Kinski, Cozzi, and Caminito: NOSFERATU IN VENICE (1988), PAGANINI HORROR (1989), and WHITE HUNTER (1990).

March 6, 2020 | By

Sometimes, when doing even cursory research on some of the key figures involved in a film, one discovers a thread in which the careers of two or three figures happened to intersect at different times, and it’s an especially strange coincidence that all three figures named in the above header – Klaus Kinski, Luigi Cozzi, and Augusto Caminito – are connected through prior professional associations which collided with one giant turd, Nosferatu in Venice (1988), the disastrous attempt at crafting a sequel to Werner Herzog’s 1979 remake of Nosferatu.


Klaus Kinski in NOSFERATU IN VENICE (1988).


According to a lengthy and highly informative career interview with the French website, Caminito’s efforts to bring his Nosferatu sequel to life came nearly 10 years after the original’s release, it went through several directors (including combustible star Kinski), and had Cozzi do some second unit direction after producer Caminito took over direction to save a mess arguably ignited by Kinski.


Very loud noises upsetting the heroines in Luigi Cozzi’s PAGANINI HORROR (1989).


Cozzi’s original role was as visual effects supervisor, but he filmed several scenes in Venice, including a character’s tumble from a bell tower. Nosferatu also co-starred Donald Pleasence, and when Cozzi’s biopic of famed Italian violinist / composer Paganini fell through, he pitched a supernatural thriller titled Paganini Horror, which featured some of the locations used in Nosferatu in Venice, and Pleasence as a demonic peddler of cursed music.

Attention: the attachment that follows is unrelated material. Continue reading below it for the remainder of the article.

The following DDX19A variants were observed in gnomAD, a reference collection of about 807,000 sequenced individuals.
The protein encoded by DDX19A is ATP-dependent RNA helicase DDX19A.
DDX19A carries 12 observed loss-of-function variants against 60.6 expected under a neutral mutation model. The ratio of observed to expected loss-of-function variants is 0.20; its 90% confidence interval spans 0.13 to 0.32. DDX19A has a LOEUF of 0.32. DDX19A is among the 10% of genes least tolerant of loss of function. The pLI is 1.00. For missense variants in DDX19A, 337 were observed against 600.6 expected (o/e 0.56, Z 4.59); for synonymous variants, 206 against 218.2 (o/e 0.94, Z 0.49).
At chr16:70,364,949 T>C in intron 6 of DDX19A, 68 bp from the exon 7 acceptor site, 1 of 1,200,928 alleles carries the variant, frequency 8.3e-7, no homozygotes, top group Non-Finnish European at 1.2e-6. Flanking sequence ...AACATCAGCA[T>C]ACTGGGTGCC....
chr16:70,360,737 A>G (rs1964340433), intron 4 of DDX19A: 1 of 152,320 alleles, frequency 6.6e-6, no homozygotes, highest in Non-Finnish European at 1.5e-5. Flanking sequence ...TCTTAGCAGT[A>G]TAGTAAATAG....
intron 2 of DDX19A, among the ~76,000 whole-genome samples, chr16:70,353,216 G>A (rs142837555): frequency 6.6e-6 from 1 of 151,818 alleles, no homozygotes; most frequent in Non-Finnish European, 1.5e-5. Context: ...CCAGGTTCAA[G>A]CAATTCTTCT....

Klaus Kinski, the Great White Hunter in GRANDI CACCIATORI (1990).


One would assume the failure and troubled production both Kinski and Caminito experienced in making their bungled vampire sequel would’ve caused the two to part ways, but they subsequently collaborated on what is often regarded as Kinski’s last formal film, Paganini / aka Kinski Paganini (1989), in which the film’s star / director / editor / writer played the violinist, and yet Grandi Cacciatori / White Hunter (1990) followed, with Caminito directing and producing, and Kinski reteaming with Nosferatu in Venice’s co-star Yorgo Voyagis, after which the shrieking, fiery-eyed enigma passed away in 1991.

Kinski had in fact appeared in 6 films produced by Caminito, going back to Grand Slam (1967), A qualsiasi prezzo (1968), and The Ruthless Four (1968), so one can presume the producer had a good sampling of the star’s temperament, and perhaps shared a special affinity for Kinski’s manic energy which more often than not transcends generic and substandard material.

Case in point: Jess Franco’s Count Dracula (1970), which is another intriguing but sloppily made production that offers a few solid bouts of energy, including short scenes with Kinski as (who else?) Renfield.

Thanks for reading,



Mark R. Hasan, Editor

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